• Sarah Leonard

Creating 3-Dimensional Characters

Plot is, perhaps, one of the most important parts of a novel. But, what drives that plot? What gives it substance, conflict, and the sweet breath of life that keeps readers addicted?


However, a novel can only make those characters addictive if they are believable, if they are 3-dimensional. You should be able to imagine your character sitting next to you or having a drink with you at a bar. When first starting a novel, I recommend creating characters using internal and external elements. Consider internal elements mapping your characters out. Using those elements, you can dive in and explore the people you are creating. External elements take those internal elements and weave them into your text so your character comes to life on and off the pages of your novel. Let your darlings breathe!

Internal Elements


No one likes a perfect character. They are unrelatable. Even more so, they are not believable. Flaws are what make us human. We root for those flawed characters to push through their struggles and overcome. What is there to root for if the character is perfect? There are no stakes, because they'd be able to get past any obstacle easily. Hence, there is no novel. Even Superman has a weakness. Find your character's kryptonite.

But, don't go overboard. No one like an awful character. If they have no redeeming qualities, why would we want to spend an entire novel with them? Have you ever met that person that complains all the time and plagues everyone around them with negativity? Would you want to spend an entire novel with that person? I sure wouldn't. Find a balance between perfection and imperfection. Your character shouldn't be a complete dud, but they shouldn't be unbeatable either.

An easy way to make your character interesting is by breaking stereotypes. No one likes a stereotypical character. They're predictable. Have you ever seen the movie Kick-Ass? One of the characters is this little girl, Mindy. She comes across as this innocent child, like any other. Then, it's discovered that she's also known as Hit-Girl: a trained, badass killer that could kick your butt any day of the week. Would you have expected that knowing her demographics? I sure wouldn't have. That broken stereotype in regards to her gender and age makes her character so much more interesting. Be careful, though. Don't break a stereotype just to break it. Make sure that it makes sense with your character.

While you're figuring out your character, you need to make sure you document everything. Map out every single detail: fears, desires, education, goals, etc. Go as far as figuring out habits and mannerisms. I have a friend who strokes her eyebrow when she's stressed. If I read a book and it said the character was doing that, I would affiliate it with her. It's distinctive. Appearance can give your character depth. Maybe they have a scar with significance.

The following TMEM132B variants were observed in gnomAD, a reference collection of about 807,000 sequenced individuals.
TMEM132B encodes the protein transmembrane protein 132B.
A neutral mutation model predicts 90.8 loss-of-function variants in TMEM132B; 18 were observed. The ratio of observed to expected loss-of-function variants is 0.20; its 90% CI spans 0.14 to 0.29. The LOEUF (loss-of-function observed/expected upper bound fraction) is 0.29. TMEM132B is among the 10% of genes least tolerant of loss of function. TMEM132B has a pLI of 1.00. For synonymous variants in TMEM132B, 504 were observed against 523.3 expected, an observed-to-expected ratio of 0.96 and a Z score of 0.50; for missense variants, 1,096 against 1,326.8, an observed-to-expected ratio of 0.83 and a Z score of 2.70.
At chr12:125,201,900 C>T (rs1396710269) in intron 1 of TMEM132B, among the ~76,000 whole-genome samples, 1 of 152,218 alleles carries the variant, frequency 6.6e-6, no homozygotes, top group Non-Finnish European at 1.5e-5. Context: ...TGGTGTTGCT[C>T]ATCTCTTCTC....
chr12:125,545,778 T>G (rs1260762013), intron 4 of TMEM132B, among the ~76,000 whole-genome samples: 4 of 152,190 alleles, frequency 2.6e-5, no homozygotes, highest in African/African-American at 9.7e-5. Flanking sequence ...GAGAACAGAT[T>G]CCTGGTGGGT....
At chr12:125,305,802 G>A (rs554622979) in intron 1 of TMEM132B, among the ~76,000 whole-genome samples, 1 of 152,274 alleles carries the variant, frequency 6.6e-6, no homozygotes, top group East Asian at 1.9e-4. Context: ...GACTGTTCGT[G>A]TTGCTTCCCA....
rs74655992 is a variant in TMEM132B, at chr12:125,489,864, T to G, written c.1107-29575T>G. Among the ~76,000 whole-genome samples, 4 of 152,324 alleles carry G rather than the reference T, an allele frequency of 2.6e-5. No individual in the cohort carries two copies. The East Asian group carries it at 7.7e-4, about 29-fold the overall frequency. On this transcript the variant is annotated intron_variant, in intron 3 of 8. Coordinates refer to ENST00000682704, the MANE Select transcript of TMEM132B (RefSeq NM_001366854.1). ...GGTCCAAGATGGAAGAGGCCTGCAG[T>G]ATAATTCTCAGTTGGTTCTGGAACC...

You should know your character as well as you know someone close to you. You should know them as well as you know yourself. By the time you're done, you should be able to answer any question that comes your way. You should be able to throw them into any situation and know exactly how they would act.


Backstory is essential for building your character in the present action, but not all of it should be mentioned in your actual novel. As Stephen King states, "The most important things to remember about back story are that (a) everyone has a history and (b) most of it isn't very interesting" (On Writing: A Memoir of the Craft). Maybe your character almost drowned as a kid. That may not be very interesting to your readers in your story, but it could have made your character deathly afraid of water. That past event gave your character a present characteristic. It somehow shaped who they are. Past affects the present. It affects your character's choices, characteristics, motivations, and conflicts. For this reason, you should write down every single moment of their life from birth to present action. You could end up having as little as two pages of text or as many as twenty.

Backstory can also add complexity to seemingly stereotypical characters. Let's say you're writing about a school bully. He picks on everyone and is your basic mean kid. But, then you find out his father is abusive. That could be why he bullies. Not only does this give your character an extra layer, but it gives readers sympathy for him.


Conflict is when a character's desire is challenged. This desire meets some kind of resistance or obstacle, whether it be from other characters or from within the character. It's essential to your character and your story, because it makes them achieving their goal hard. It also makes your character, drumroll please, 3-dimensional. Internally, conflicts can come in the form of emotions such as guilt, doubts, fears, and regrets. They can also come in the form of your character's morals.

No matter the form, it's vital that the obstacle and your character's wants and motivations are of equal force. Their want must be big enough for them to be willing to confront their obstacle. The obstacle must be big enough for the character to second-guess or have difficulty surpassing their obstacle. The "crucible" keeps that motivation alive. As stated in How to Write a Damn Good Novel, the crucible is "the bond that keeps them in conflict with one another," 'them' being the characters. What they want is big enough to make them stay. Let's say someone is in a job they hate, but if they stay another month then they'll have enough money to pay their house mortgage before it's too late. The money is their crucible.

It's important to keep in mind that the levels of conflict vary depending on character. One character may feel enormous guilt for killing someone while another will feel that same amount of guilt for slapping someone. This can show how moral your character is or how evil they are. It's revealing.

External Elements


Conflict creates empathy. A character's conflict is relatable. It's human. We all have conflicts, but we handle them in different ways. Characters' struggles and how they face them make us care. We want to see them overcome. Conflict can be shown in multiple forms:

Other characters: When they have different goals, those goals clash. They become obstacles for each other. You can show these conflicting goals through dialogue. How do the characters reach their goal? Do they reach it by being kind to the other character or by being mean?

Environment: Surroundings can keep characters from their goals. Through this, we can see what they are willing do to reach their goal. Let's say there's a building that stands behind a character and their main goal. Will they blow up the building to get to the other side or find a secret entrance? How far do your characters' morals stretch?

Internal: These type of conflicts--guilt, regret, fear--can be some of the hardest obstacles for a character to face. They are their own conflict.